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BNTU Speaks on Reinsertion of Civics, Social Studies and Geography in the Classroom

In today’s press conference with the head of the Belize National Teachers Union, Luke Palacio, he spoke of the schools’ curriculum and the importance that the union will be placing in having other subjects incorporated.  The Belize/Guatemala issue is one of those subjects among others.


“We will be trying to get all sides to agree that it is time that this matter be taught in our schools. We are hoping that if at any time soon we can is to get the primary school curriculum to be revised to what it used to be in the past where you had instead of Social Studies covering all of those areas and aspects of our lives, that we go back to teaching the civics of Belize, history of Belize and the geography of Belize. Because unless our people understand and realize what our country is, how it is made up, how it is governed and all sort of things we might have some difficulty in trying to get people to understand the need to stand up and defend this country.”

Palacio went on to say that the institutions need to begin capitalizing on the existence of historians in Belize and focusing on imparting knowledge to the students.  He also spoke on the importance of other subjects he deems crucial for the students.


“Basically there are historians, persons who are knowledgeable and it is time for us to start to respect and make use of the knowledge that those individuals have in trying to carve out where we go. For instance why we are insisting that we need to come back to teaching the geography of Belize for instance which was a separate subject in our primary schools some years ago is simply because where you would have spoken to somebody much older and at that time we didn’t have the technology we have today and particularly I could recall at the time of a hurricane and the radio would be announcing that this hurricane is at such a latitude and longitude the older persons would be able to tell you exactly where that hurricane is. Today I guarantee that we cannot, our younger people would not be able to do that unless they are seeing it on the tv. We had the civics which taught us how we were governed. There are people who still believe that our Ministers are elected but we elect area representatives and then the Prime Minister appoints the minister so I think things like those I believe we can start to get our Belizean people and in our school system to get that clearly articulated and then of course in terms of the Belize Guatemala issue we are hearing for instance that the 1859 treaty that Guatemala does not recognize it but Ambassador Shoman is saying that it is still there so things like those we need to try and ensure that this activity we are launching on Friday will help to give us that united front, will help to give us that drive that together we will try and address these issues.”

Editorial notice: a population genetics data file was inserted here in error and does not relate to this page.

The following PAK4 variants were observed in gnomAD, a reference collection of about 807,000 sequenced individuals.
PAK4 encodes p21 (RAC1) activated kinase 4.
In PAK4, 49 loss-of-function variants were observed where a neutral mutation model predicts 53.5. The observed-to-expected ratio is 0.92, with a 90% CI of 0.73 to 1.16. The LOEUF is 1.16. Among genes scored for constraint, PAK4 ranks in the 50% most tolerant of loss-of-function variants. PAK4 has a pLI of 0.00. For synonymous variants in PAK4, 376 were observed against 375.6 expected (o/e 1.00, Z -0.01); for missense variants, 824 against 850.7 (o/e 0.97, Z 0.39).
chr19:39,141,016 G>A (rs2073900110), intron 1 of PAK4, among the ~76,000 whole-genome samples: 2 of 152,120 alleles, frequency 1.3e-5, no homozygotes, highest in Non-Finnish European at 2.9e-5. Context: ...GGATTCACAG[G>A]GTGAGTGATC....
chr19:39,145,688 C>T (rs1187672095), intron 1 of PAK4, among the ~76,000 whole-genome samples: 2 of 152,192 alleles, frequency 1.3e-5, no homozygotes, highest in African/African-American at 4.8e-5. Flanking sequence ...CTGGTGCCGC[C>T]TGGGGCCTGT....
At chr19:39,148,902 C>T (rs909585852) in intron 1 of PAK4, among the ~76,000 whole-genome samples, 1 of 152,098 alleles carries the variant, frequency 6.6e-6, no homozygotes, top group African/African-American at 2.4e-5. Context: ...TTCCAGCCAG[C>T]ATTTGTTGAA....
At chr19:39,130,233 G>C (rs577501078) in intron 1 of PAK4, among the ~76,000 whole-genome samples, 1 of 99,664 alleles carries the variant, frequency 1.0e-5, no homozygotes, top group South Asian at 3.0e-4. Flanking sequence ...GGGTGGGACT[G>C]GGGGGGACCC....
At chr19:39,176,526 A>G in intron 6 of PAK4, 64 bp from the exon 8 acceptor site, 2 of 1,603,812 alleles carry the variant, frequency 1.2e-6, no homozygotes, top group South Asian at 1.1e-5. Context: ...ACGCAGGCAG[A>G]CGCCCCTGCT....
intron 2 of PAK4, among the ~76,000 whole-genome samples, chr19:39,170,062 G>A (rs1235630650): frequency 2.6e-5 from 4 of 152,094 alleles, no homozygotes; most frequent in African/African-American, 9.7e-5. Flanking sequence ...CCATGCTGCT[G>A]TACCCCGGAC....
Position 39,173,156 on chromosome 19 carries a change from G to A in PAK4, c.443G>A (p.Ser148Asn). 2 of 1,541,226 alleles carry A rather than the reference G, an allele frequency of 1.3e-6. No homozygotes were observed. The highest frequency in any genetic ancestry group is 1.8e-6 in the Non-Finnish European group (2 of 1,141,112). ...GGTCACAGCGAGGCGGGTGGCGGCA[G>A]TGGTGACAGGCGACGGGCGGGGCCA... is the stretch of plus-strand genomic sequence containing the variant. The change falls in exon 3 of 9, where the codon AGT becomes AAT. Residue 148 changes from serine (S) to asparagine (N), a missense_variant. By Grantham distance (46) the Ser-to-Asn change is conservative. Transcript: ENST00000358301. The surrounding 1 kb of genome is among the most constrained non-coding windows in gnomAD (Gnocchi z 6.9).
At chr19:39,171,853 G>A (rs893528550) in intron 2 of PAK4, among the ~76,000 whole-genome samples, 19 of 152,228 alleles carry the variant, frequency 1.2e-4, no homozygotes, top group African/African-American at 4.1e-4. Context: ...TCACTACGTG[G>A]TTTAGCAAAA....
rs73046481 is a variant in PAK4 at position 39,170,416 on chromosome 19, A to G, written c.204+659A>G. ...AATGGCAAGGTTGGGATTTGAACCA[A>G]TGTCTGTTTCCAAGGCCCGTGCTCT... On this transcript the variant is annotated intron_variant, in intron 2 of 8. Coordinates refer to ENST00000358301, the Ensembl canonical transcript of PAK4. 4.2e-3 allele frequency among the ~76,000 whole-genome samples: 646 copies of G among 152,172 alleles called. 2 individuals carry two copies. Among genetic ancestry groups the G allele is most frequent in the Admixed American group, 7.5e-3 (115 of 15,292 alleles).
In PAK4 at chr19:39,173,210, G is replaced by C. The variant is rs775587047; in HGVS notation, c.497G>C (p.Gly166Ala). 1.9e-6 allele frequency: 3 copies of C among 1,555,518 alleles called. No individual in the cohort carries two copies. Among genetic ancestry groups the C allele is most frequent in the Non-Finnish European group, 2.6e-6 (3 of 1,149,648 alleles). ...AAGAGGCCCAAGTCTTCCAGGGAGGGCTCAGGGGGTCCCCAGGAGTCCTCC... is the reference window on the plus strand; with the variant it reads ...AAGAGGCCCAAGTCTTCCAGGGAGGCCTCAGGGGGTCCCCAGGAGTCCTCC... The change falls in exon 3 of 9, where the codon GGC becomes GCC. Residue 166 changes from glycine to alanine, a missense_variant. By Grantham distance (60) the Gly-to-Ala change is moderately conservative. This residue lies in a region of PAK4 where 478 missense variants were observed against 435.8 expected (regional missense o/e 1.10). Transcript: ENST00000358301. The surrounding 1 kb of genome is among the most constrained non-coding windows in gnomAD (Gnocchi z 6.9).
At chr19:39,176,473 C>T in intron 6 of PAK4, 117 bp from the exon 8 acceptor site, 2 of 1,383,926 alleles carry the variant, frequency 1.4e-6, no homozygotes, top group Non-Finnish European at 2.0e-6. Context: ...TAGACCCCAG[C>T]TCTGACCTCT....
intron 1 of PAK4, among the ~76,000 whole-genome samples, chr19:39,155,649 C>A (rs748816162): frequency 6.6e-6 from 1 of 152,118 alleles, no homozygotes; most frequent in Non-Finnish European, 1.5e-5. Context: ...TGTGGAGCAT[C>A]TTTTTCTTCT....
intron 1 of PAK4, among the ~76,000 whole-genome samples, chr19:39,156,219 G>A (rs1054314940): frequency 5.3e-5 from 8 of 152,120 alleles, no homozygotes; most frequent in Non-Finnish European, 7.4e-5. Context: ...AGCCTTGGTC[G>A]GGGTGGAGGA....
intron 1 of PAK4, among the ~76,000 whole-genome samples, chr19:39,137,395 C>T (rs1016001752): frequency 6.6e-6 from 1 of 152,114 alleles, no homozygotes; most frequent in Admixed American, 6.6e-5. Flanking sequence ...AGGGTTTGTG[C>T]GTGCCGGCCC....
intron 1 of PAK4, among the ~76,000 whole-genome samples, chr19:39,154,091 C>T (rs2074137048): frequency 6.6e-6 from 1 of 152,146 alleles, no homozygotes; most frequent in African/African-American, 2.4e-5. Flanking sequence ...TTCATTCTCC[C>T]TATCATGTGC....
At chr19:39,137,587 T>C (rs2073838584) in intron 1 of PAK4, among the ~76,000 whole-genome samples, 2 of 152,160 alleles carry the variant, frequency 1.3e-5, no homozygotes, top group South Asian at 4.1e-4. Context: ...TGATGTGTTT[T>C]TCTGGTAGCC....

“We keep hearing from our teachers that the children are asking the question and they don’t feel comfortable responding to them simply because there is not that plan in place, there is not the information for them to give to the students and so we find this very important for us as educators to take the lead on.”

Palacio says that the union will lobby for these changes in the schools’ curriculum as part of their campaign.